Outside in and inside out! A place to store ideas about education.

Wednesday, November 28, 2012

Peace, Security, and Identity: Security and identity

(this is Part 3/4 of the essay Peace, Security and Identity: A proposal for the youth of Southeast Asia)

(read Part 2)

Indeed, the question of strength boils down to a question of identity. Finding our own identity -- as individuals, communities, nations, and now, as a region -- is a task that we have to collectively undertake. For to be secure in our own identity and in our capacity to uphold such an identity is the one prerequisite to peace. We tend to think of security as security of livelihoods, of food, of homes, and economies, security based on environmental and material conditions. As a result, we tend to define ourselves within the context of what we can do and who we can “be” within such conditions. This kind of security is put into question when communities are under the state of war or under poverty. Thus, such communities define what to them is essential and develop value systems that enable them to obtain these essentials.

Even during peacetime, we can experience circumstances when we lose our sense of security. One such experience is travel. When one travels, one leaves security to indulge in being in the thick of new contexts and cultures, and thus one loses security (and therefore, security in their identity) for a spell and can therefore look back at their lives with a new perspective. Thus, travel, whether for business, pleasure, or as a religious requirement, is a necessity in the quest to define our identity.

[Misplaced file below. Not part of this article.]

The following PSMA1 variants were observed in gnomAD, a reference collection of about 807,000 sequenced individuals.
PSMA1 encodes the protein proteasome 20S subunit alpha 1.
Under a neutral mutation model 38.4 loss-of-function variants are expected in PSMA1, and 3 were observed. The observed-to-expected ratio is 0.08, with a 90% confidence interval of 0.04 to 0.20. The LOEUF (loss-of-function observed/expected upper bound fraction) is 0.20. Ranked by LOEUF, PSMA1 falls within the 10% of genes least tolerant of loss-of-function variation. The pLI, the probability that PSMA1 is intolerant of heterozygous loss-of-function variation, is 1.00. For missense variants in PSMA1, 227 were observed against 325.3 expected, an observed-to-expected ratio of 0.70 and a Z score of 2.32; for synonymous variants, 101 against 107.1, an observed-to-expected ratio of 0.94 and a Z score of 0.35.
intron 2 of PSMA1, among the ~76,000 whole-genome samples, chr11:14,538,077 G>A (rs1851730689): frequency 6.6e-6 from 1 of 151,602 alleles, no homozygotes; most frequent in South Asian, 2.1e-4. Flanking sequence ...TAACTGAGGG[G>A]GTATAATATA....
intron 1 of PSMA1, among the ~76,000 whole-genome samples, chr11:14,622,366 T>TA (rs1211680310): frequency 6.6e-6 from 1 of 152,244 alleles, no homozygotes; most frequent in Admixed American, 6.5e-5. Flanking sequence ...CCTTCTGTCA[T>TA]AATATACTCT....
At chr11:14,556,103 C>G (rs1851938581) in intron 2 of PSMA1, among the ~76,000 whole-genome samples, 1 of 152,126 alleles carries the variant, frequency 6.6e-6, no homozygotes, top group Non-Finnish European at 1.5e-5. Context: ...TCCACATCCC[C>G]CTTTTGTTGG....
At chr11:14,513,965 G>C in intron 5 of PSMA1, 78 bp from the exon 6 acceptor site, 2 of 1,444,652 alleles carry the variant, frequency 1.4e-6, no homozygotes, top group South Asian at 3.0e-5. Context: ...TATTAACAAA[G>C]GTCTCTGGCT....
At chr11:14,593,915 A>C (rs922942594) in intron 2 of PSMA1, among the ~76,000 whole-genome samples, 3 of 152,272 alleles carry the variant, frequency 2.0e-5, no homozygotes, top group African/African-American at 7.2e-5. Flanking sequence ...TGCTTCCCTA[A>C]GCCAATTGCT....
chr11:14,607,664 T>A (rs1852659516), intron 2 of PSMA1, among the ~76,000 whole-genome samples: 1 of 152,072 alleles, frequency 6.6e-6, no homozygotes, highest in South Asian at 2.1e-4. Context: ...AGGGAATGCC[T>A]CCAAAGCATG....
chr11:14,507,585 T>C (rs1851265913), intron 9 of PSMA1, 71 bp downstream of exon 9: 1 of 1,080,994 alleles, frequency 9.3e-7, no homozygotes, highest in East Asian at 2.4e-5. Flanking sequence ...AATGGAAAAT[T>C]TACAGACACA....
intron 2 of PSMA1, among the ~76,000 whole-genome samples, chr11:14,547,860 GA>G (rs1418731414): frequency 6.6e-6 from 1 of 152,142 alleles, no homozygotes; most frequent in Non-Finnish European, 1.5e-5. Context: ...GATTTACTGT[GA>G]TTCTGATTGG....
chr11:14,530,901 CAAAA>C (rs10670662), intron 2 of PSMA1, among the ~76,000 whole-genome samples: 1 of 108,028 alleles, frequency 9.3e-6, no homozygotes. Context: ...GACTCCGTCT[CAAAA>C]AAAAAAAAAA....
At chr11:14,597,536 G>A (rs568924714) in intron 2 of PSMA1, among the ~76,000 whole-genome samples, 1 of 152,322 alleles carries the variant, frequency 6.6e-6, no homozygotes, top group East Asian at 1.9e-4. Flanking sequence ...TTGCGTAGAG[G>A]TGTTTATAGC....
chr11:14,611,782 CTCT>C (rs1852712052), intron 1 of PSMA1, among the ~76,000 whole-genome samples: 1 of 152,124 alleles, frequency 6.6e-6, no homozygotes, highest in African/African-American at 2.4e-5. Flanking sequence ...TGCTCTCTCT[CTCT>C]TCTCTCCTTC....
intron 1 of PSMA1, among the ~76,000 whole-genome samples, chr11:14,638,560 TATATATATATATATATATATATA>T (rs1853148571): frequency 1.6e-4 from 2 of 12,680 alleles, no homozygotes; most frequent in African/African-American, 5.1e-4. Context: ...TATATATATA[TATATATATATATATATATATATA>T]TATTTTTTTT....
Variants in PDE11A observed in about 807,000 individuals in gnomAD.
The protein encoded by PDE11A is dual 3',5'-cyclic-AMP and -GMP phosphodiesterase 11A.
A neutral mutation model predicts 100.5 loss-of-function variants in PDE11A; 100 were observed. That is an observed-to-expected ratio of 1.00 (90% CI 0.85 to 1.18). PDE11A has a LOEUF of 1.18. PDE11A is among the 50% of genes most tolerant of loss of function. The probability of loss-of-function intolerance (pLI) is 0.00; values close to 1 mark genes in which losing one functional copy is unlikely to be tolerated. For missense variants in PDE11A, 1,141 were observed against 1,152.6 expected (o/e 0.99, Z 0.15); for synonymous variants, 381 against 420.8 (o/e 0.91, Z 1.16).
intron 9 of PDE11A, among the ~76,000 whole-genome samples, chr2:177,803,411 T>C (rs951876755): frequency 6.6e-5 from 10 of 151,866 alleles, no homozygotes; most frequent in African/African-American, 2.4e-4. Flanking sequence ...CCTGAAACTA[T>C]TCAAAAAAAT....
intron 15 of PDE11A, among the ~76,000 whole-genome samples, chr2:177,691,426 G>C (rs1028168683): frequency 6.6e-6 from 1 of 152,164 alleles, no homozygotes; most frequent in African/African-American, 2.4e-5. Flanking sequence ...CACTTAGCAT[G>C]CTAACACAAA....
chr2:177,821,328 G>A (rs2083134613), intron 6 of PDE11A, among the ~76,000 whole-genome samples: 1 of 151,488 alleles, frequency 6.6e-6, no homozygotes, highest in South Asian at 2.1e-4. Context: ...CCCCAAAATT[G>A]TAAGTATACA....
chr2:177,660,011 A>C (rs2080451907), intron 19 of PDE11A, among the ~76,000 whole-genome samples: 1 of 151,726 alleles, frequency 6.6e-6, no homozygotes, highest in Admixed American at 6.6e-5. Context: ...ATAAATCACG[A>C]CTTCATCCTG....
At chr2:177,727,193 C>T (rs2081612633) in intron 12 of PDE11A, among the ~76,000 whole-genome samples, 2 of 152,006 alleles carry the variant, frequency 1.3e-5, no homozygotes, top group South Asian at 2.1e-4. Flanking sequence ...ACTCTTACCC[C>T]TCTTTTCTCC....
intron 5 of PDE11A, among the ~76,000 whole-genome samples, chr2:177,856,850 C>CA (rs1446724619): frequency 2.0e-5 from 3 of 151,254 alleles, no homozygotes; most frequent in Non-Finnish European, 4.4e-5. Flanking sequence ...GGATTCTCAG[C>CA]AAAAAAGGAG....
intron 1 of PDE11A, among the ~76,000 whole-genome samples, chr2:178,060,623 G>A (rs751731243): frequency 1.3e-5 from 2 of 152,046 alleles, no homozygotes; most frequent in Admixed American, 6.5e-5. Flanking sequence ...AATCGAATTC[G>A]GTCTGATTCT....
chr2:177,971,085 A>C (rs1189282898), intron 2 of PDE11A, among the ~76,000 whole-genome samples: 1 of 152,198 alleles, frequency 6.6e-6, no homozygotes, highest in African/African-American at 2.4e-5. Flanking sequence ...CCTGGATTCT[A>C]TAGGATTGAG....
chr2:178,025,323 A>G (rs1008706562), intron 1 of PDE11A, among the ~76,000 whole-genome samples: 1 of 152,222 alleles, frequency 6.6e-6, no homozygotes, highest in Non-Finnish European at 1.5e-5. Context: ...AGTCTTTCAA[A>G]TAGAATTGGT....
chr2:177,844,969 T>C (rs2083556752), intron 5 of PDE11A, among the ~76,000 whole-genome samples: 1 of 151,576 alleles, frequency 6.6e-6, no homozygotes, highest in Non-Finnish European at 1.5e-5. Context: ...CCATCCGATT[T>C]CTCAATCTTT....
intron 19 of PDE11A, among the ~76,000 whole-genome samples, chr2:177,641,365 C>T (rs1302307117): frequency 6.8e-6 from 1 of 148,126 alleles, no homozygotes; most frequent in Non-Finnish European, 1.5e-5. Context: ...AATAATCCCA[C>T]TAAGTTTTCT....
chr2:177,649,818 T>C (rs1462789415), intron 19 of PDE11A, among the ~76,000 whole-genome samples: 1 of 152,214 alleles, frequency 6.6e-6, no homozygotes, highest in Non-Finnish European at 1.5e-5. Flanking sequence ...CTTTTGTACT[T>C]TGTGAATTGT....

There is, however, another kind of security. Communities who have endured, nay thrived, in centuries of protracted war have found security not in their capacity to control their environment but in their capacity to know of their inner selves. Such communities value knowledge of self and of the relation between the whole and its parts, and how things come full circle, above all kinds of knowledge and possessions. Happily, the ASEAN region has a rich spiritual tradition. This kind of knowledge – and thus, this kind of security and identity – is not so inaccessible for the ASEAN youth, specially today. 

Indeed, peace is not a characteristic of institutions but is an effect of internal peace within individuals, communities, and nations, but it is important for institutions such as the ASEAN to create mechanisms to encourage it. If likened to a deck of cards, institutions can create the Spades (governance), the Clubs (military), and the Diamonds (economy), but only communities can hold the Hearts.

(on to Part 4)

(to add: Another situation where one finds lack of security is during a severe or prolonged sickness in the family, which is one of the reasons why sickness is considered a blessing.)


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